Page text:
Organic Technology

[Originally published December 2015.]

“Community access to digital fabrication isn’t a vision of the future,” Professor Neil Gershenfeld (USA), Fab Founder and director of MIT’s Center for Bits and Atoms, said at a November TEDx talk titled “Programming a New Reality”.

Professor Gershenfeld continued, “A week or so ago I was at the United Nations general assembly. […] This is the biggest gathering of heads of state ever, launching the Sustainable Development Goals, this road map for the planet for the next fifteen years, and what the White House and the UN really wanted was not just to show problems, but to show solutions. […] I was with a colleague, Beno Juarez, who grew up in the Peruvian jungle in the Amazon, and as he described it as a kid, you had three career choices, you could be a farmer, a soldier, or a terrorist, and you got to pick one of them. And he has a wonderful project now, sending digital fabrication tools up the Amazon for sustainability in indigenous communities, and that’s what we showed at the UN general assembly.”

I could pretty much let Professor Neil write this post for me: “We’re running a program called the Fab Academy, where students have peers in workrooms with machines and mentors locally, and then you connect them globally with video and digital content sharing, and so you can bring the campus to the student.”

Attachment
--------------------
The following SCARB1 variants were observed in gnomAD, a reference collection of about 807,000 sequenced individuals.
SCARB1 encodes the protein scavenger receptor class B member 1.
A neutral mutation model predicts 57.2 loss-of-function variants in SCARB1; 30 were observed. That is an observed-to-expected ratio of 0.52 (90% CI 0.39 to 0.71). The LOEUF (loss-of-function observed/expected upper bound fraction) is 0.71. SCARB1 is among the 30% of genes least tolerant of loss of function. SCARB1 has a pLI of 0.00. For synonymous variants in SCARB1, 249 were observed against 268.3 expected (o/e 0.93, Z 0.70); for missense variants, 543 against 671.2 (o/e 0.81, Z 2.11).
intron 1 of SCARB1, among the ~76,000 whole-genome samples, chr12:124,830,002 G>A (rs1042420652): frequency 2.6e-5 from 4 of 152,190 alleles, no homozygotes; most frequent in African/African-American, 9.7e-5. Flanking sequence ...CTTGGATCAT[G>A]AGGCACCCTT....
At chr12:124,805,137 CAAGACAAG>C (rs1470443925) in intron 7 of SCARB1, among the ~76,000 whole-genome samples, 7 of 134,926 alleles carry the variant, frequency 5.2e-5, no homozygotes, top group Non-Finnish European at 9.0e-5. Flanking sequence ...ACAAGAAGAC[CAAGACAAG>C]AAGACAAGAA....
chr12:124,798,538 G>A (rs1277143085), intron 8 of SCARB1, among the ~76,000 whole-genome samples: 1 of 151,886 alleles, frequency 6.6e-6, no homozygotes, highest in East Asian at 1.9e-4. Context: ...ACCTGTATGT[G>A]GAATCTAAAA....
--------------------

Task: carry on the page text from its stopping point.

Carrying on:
The Floating Fab Lab team is likewise able to operate because of twenty-first century organic technology. We’re dispersed across the time zones, and the project is brought to us individually. There will eventually be a physical result of our digital labor, and at that time, there may also be a physical migration of team members to the site of the action.

In addition to traditional crowdfunding and grant application, the FLF is relying on the Fab community itself to supply Lab components. Nicknamed “FabSourcing,” this crowdsourcing for stuff is sure to yield myriad materials and machines.

Delia Barriga (Peru) shares executive management with Beno and oversees the financial aspects of the FLF. Delia followed her daughter to a Fab Lab presentation in 2010, where she “first saw videos of 3D printing, and what this change meant for the world,” she wrote me in Spanish. She was deeply impressed at the time, but had no idea the impact the exposure would have on her life. She started working more with Fab Labs, her commitment increasing, until eventually she realized she could make a full time job out of pursuing funding for Fab Labs. She quit working as a corporate business adviser to follow a “vision that transcends the personal, to find the common good.” The funding campaign for the FLF begins in earnest in February.

The Floating Fab Lab relies on the various efforts of its team members, dispersed across who knows how many time zones, but also on nature itself. It’s almost as if it’s inevitable, not a vision of the future, but a feature of reality.


Powered by People

[Originally published November 2015.]